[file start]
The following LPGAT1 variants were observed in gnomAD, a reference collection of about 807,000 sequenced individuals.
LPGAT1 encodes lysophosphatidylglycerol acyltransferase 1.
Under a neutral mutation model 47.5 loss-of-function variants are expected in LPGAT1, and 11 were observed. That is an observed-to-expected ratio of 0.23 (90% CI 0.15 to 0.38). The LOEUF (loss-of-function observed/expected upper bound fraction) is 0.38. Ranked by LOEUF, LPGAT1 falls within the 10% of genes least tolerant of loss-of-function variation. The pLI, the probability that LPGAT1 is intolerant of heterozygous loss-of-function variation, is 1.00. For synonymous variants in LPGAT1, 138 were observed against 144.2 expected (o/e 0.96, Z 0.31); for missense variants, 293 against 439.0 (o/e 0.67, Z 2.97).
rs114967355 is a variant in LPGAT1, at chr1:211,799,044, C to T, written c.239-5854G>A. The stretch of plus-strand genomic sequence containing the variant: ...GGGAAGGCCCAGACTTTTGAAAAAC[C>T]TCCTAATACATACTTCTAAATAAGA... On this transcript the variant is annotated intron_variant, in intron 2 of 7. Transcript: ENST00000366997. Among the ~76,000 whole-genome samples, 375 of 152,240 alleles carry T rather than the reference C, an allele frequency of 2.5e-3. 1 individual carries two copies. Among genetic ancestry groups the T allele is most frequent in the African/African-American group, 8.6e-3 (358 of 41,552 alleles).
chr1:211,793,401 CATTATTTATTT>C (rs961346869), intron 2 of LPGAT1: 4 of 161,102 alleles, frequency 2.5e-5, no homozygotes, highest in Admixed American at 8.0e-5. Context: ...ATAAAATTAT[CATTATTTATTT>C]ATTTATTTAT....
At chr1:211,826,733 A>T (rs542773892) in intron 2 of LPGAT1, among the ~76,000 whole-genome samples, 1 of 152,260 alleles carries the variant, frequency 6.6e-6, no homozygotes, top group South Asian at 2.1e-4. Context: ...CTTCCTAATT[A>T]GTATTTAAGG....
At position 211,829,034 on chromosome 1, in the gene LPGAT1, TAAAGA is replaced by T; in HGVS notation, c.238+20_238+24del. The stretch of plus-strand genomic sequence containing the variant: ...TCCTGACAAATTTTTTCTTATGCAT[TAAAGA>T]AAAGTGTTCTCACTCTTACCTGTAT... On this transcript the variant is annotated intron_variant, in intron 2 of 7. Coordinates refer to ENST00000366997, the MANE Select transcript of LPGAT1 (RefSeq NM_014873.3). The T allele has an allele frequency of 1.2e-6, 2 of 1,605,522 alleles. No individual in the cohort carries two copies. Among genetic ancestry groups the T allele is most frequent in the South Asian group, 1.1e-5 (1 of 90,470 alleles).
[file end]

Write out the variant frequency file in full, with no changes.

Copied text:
The following LPGAT1 variants were observed in gnomAD, a reference collection of about 807,000 sequenced individuals.
LPGAT1 encodes lysophosphatidylglycerol acyltransferase 1.
Under a neutral mutation model 47.5 loss-of-function variants are expected in LPGAT1, and 11 were observed. That is an observed-to-expected ratio of 0.23 (90% CI 0.15 to 0.38). The LOEUF (loss-of-function observed/expected upper bound fraction) is 0.38. Ranked by LOEUF, LPGAT1 falls within the 10% of genes least tolerant of loss-of-function variation. The pLI, the probability that LPGAT1 is intolerant of heterozygous loss-of-function variation, is 1.00. For synonymous variants in LPGAT1, 138 were observed against 144.2 expected (o/e 0.96, Z 0.31); for missense variants, 293 against 439.0 (o/e 0.67, Z 2.97).
rs114967355 is a variant in LPGAT1, at chr1:211,799,044, C to T, written c.239-5854G>A. The stretch of plus-strand genomic sequence containing the variant: ...GGGAAGGCCCAGACTTTTGAAAAAC[C>T]TCCTAATACATACTTCTAAATAAGA... On this transcript the variant is annotated intron_variant, in intron 2 of 7. Transcript: ENST00000366997. Among the ~76,000 whole-genome samples, 375 of 152,240 alleles carry T rather than the reference C, an allele frequency of 2.5e-3. 1 individual carries two copies. Among genetic ancestry groups the T allele is most frequent in the African/African-American group, 8.6e-3 (358 of 41,552 alleles).
chr1:211,793,401 CATTATTTATTT>C (rs961346869), intron 2 of LPGAT1: 4 of 161,102 alleles, frequency 2.5e-5, no homozygotes, highest in Admixed American at 8.0e-5. Context: ...ATAAAATTAT[CATTATTTATTT>C]ATTTATTTAT....
At chr1:211,826,733 A>T (rs542773892) in intron 2 of LPGAT1, among the ~76,000 whole-genome samples, 1 of 152,260 alleles carries the variant, frequency 6.6e-6, no homozygotes, top group South Asian at 2.1e-4. Context: ...CTTCCTAATT[A>T]GTATTTAAGG....
At position 211,829,034 on chromosome 1, in the gene LPGAT1, TAAAGA is replaced by T; in HGVS notation, c.238+20_238+24del. The stretch of plus-strand genomic sequence containing the variant: ...TCCTGACAAATTTTTTCTTATGCAT[TAAAGA>T]AAAGTGTTCTCACTCTTACCTGTAT... On this transcript the variant is annotated intron_variant, in intron 2 of 7. Coordinates refer to ENST00000366997, the MANE Select transcript of LPGAT1 (RefSeq NM_014873.3). The T allele has an allele frequency of 1.2e-6, 2 of 1,605,522 alleles. No individual in the cohort carries two copies. Among genetic ancestry groups the T allele is most frequent in the South Asian group, 1.1e-5 (1 of 90,470 alleles).